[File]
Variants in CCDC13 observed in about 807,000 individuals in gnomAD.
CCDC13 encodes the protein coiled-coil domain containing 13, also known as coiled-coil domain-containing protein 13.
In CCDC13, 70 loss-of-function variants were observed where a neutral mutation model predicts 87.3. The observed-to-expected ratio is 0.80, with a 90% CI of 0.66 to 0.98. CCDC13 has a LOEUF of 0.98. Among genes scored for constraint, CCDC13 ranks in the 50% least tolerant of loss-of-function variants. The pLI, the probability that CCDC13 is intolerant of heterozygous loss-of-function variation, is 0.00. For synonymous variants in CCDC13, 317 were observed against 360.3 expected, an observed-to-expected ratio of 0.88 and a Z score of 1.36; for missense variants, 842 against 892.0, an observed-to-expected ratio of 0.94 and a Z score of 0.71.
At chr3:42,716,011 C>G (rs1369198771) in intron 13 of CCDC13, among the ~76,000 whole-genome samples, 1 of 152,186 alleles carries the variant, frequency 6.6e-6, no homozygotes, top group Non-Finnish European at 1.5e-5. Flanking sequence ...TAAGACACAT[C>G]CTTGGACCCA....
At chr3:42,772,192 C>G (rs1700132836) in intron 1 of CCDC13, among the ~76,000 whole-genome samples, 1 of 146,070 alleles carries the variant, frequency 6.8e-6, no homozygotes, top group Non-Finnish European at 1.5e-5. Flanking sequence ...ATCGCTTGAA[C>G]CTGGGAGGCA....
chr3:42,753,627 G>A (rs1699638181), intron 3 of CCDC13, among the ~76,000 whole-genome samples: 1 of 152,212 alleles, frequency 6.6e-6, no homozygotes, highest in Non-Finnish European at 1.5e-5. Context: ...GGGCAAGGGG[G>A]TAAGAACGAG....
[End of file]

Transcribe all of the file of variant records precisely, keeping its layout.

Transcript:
Variants in CCDC13 observed in about 807,000 individuals in gnomAD.
CCDC13 encodes the protein coiled-coil domain containing 13, also known as coiled-coil domain-containing protein 13.
In CCDC13, 70 loss-of-function variants were observed where a neutral mutation model predicts 87.3. The observed-to-expected ratio is 0.80, with a 90% CI of 0.66 to 0.98. CCDC13 has a LOEUF of 0.98. Among genes scored for constraint, CCDC13 ranks in the 50% least tolerant of loss-of-function variants. The pLI, the probability that CCDC13 is intolerant of heterozygous loss-of-function variation, is 0.00. For synonymous variants in CCDC13, 317 were observed against 360.3 expected, an observed-to-expected ratio of 0.88 and a Z score of 1.36; for missense variants, 842 against 892.0, an observed-to-expected ratio of 0.94 and a Z score of 0.71.
At chr3:42,716,011 C>G (rs1369198771) in intron 13 of CCDC13, among the ~76,000 whole-genome samples, 1 of 152,186 alleles carries the variant, frequency 6.6e-6, no homozygotes, top group Non-Finnish European at 1.5e-5. Flanking sequence ...TAAGACACAT[C>G]CTTGGACCCA....
At chr3:42,772,192 C>G (rs1700132836) in intron 1 of CCDC13, among the ~76,000 whole-genome samples, 1 of 146,070 alleles carries the variant, frequency 6.8e-6, no homozygotes, top group Non-Finnish European at 1.5e-5. Flanking sequence ...ATCGCTTGAA[C>G]CTGGGAGGCA....
chr3:42,753,627 G>A (rs1699638181), intron 3 of CCDC13, among the ~76,000 whole-genome samples: 1 of 152,212 alleles, frequency 6.6e-6, no homozygotes, highest in Non-Finnish European at 1.5e-5. Context: ...GGGCAAGGGG[G>A]TAAGAACGAG....